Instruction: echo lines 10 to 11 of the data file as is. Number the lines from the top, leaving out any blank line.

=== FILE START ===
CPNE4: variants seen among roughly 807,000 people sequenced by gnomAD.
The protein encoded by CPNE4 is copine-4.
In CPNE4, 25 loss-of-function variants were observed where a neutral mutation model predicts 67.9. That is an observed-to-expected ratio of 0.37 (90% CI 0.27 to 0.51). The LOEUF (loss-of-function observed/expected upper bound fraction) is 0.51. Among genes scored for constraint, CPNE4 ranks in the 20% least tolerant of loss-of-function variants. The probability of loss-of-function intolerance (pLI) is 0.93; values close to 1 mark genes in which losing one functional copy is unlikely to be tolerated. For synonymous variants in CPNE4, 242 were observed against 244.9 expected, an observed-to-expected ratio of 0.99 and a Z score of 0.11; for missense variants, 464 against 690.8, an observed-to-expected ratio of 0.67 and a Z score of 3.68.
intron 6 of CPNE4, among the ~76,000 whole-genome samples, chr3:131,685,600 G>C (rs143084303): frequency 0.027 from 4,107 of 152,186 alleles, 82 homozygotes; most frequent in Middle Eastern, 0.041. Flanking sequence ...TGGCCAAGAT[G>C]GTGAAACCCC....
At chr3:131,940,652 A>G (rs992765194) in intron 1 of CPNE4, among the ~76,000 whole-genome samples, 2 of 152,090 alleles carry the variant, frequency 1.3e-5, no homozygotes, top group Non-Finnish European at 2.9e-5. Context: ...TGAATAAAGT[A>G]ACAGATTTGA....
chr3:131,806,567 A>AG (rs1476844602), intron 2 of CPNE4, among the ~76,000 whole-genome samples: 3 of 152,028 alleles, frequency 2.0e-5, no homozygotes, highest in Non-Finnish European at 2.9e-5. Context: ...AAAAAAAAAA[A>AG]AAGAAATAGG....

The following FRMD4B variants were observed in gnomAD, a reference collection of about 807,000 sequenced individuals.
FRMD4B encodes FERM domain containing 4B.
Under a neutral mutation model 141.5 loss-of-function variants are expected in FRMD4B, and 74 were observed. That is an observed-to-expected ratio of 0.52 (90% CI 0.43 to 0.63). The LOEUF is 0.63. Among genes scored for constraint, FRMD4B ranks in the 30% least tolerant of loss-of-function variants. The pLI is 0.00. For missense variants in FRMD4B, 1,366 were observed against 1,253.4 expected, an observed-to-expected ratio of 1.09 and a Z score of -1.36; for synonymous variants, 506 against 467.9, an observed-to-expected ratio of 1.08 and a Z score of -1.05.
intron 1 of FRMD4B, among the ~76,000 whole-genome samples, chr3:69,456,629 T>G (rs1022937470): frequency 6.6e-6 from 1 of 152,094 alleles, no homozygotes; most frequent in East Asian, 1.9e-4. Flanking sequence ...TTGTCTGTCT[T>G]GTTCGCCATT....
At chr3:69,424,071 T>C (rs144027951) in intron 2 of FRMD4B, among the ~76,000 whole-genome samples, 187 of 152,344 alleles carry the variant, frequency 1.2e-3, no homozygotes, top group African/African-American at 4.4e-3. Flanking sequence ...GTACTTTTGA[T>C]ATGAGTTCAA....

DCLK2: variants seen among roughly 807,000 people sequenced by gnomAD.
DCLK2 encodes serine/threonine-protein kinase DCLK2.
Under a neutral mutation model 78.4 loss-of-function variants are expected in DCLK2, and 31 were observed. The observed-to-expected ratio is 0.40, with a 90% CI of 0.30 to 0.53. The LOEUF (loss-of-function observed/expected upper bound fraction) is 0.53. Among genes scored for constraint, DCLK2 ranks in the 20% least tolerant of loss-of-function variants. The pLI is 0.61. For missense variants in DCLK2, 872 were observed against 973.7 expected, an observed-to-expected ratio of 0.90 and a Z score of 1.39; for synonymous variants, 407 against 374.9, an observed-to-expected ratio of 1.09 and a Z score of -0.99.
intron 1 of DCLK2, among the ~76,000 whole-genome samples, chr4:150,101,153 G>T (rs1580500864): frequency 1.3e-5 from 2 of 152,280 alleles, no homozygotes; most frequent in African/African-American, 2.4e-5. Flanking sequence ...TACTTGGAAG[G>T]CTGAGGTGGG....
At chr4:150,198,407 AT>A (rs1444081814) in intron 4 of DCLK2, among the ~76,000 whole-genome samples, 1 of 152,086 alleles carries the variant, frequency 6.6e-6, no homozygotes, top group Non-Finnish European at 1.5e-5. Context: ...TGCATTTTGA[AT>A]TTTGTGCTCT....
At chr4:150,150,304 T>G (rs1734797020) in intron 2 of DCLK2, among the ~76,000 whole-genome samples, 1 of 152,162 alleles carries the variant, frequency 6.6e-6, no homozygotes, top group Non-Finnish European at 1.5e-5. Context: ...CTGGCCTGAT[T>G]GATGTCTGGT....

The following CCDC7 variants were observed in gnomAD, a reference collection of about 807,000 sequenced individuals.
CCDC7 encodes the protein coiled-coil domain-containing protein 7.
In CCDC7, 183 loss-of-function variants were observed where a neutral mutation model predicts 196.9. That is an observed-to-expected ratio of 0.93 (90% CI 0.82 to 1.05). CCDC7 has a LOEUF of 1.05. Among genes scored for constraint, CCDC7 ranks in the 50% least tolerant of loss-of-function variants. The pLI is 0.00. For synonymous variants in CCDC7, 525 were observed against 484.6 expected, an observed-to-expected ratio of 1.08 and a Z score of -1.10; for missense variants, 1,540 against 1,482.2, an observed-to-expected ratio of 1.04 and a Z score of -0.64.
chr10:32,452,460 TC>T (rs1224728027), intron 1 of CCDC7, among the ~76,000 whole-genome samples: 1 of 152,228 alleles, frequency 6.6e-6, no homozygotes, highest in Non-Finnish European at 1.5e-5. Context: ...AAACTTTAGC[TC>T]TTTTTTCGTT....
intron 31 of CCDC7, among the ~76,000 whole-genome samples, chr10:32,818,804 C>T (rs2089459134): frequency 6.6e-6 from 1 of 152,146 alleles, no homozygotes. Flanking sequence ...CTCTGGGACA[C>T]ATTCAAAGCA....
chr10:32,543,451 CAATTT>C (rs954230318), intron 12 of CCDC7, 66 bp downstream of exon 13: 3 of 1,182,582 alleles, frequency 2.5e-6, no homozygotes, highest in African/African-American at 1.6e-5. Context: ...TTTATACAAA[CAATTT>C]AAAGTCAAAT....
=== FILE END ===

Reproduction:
intron 1 of FRMD4B, among the ~76,000 whole-genome samples, chr3:69,456,629 T>G (rs1022937470): frequency 6.6e-6 from 1 of 152,094 alleles, no homozygotes; most frequent in East Asian, 1.9e-4. Flanking sequence ...TTGTCTGTCT[T>G]GTTCGCCATT....
At chr3:69,424,071 T>C (rs144027951) in intron 2 of FRMD4B, among the ~76,000 whole-genome samples, 187 of 152,344 alleles carry the variant, frequency 1.2e-3, no homozygotes, top group African/African-American at 4.4e-3. Flanking sequence ...GTACTTTTGA[T>C]ATGAGTTCAA....